Road Test: Mitsubishi Cedia [2009-2013]

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The Cedia Sport has new things on the inside as well – the Momo steering wheel will catch your eye at first. This three-spoke design imitates the wheels used in racing. Pressing the horn button while holding the wheel can be difficult even for large hands.  Carbon fiber finishing on the centre console also adds in a big way to the sporty effect, as do the all-black leather seats with red piping and white stitching. The quality of the plastics is much higher than the segment standard – something that we like a lot. The air-conditioning in the Cedia is astonishingly powerful. We drove around in a car without aftermarket sun film in the month of October in Chennai, and yet the Cedia’s AC managed to chill us in a very short period, although a climate control system would have been nice. A touchscreen audio system that is similar to the new Endeavour’s unit is standard on the Cedia. It plays mp3 discs and has a port for a USB drive in the glovebox. It gets full marks for functionality: you can play music off discs or off a USB drive, answer calls over Bluetooth after pairing your phone with the unit, and find your way around a large city like Chennai with the help of the inbuilt satellite navigation system. It plays loud, but the quality of the sound leaves something to be desired.

The driver sits a little low in the Cedia, but the feeling of space is something that one will rarely experience in a modern sedan. The three-box silhouette may not leave any hearts thudding, but coupled with relatively slim pillars, increases visibility and the feeling of space tremendously.  The steering wheel tilts but doesn’t telescope, but a good driving position is easy to arrive at. Worth mentioning are the Cedia’s electrically adjustable mirrors – they offer a view of the rear that makes the driver know within seconds of getting in how close and where the objects in the mirrors are. The front passenger has a lot of space to stretch his legs, but if two six-foot tall people sit behind each other, the rear occupant will have to compromise a little on knee room. Under-thigh support is not enough for tall people, especially at the rear. Head room is more than sufficient for tall people, again, owing to the slightly dated but functional silhouette. The seats and roof are a little low, so getting in and out may not be easy for elderly people or those with knee or back problems.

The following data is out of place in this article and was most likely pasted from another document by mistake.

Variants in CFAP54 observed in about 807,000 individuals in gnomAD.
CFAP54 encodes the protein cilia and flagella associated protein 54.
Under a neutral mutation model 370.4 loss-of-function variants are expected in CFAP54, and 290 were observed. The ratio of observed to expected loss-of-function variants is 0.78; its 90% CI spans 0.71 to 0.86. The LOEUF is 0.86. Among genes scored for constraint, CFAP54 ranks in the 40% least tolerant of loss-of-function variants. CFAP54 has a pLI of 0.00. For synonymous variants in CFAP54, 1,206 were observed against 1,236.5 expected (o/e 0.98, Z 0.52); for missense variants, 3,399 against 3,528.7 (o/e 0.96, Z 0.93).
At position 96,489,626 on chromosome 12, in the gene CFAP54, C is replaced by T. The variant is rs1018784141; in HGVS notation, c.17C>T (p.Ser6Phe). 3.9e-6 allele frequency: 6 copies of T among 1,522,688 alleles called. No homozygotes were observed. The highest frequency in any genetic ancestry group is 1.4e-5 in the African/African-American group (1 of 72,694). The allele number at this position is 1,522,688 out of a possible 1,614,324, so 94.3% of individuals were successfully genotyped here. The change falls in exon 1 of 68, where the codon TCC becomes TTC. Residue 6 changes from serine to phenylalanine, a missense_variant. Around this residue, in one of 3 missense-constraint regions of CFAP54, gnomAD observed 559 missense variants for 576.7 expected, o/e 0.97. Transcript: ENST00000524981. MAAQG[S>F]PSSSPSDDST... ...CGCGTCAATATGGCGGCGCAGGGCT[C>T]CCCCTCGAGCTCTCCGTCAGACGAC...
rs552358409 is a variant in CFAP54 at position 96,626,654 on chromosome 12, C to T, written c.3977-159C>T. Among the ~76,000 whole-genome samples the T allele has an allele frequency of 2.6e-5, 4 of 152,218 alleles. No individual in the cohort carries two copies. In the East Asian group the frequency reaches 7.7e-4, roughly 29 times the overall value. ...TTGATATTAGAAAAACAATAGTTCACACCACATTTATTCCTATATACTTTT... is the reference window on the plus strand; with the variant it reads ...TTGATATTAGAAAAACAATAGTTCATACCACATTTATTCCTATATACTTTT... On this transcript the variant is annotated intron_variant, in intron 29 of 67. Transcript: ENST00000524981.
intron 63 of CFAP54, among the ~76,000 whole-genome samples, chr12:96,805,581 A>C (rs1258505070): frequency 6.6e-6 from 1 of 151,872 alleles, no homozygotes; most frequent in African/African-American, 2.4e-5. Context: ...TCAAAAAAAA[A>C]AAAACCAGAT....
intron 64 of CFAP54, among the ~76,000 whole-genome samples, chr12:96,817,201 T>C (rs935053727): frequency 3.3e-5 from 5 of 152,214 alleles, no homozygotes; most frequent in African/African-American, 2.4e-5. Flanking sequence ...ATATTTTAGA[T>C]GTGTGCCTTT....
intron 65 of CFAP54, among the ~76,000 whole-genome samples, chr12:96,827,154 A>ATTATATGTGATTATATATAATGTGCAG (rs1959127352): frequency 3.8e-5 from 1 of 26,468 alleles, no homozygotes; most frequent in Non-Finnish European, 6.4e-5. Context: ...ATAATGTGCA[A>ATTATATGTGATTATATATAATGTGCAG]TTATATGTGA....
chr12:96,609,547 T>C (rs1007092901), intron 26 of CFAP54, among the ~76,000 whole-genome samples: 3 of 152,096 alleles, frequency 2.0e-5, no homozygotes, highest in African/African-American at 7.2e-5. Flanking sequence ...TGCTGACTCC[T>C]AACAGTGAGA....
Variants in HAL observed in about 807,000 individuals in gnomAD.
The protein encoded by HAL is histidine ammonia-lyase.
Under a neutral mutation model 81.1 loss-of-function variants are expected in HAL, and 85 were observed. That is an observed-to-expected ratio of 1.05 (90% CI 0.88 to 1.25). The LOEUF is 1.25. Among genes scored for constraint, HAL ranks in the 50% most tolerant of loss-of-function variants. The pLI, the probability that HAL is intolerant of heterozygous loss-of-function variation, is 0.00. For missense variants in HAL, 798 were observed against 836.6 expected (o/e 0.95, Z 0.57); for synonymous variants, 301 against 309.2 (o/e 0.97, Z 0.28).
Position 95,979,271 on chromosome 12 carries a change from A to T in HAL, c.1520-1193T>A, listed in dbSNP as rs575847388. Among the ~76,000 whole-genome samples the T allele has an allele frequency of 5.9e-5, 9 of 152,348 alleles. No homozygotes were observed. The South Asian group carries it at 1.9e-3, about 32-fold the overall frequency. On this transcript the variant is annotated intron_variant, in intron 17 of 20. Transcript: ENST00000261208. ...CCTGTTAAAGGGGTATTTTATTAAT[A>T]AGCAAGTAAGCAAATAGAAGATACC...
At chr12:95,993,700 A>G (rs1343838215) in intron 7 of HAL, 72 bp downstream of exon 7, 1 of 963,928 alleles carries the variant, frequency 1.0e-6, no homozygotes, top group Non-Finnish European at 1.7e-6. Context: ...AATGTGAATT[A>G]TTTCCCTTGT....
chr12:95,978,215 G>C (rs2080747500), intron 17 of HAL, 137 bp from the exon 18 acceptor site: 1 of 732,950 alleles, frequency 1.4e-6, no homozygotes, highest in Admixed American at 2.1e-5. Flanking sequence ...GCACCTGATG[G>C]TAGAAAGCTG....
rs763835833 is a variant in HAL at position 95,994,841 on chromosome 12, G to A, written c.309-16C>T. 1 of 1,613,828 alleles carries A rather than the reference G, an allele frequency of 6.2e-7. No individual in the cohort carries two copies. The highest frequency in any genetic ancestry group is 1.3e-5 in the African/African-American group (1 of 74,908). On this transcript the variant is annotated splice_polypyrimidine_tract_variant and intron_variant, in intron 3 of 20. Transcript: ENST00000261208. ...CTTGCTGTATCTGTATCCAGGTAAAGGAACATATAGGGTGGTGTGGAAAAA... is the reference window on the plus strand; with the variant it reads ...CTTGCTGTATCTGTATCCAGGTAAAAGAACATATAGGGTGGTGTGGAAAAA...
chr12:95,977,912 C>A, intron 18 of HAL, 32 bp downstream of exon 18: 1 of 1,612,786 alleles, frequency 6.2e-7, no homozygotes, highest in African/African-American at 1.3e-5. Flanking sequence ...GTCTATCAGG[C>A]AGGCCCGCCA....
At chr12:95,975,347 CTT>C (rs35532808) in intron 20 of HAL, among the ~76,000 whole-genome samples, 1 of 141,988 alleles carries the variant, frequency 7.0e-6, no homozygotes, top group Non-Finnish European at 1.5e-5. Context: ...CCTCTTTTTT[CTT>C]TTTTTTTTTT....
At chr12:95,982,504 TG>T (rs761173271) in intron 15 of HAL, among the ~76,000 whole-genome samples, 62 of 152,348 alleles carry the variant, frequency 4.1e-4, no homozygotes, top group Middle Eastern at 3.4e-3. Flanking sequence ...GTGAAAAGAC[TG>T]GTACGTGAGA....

Boot space is par for the segment at 430 litres, and useable. If you’re eyeing the now-discontinued Cedia Select LPG in the used market, be aware that the boot size is halved thanks to the LPG tank.

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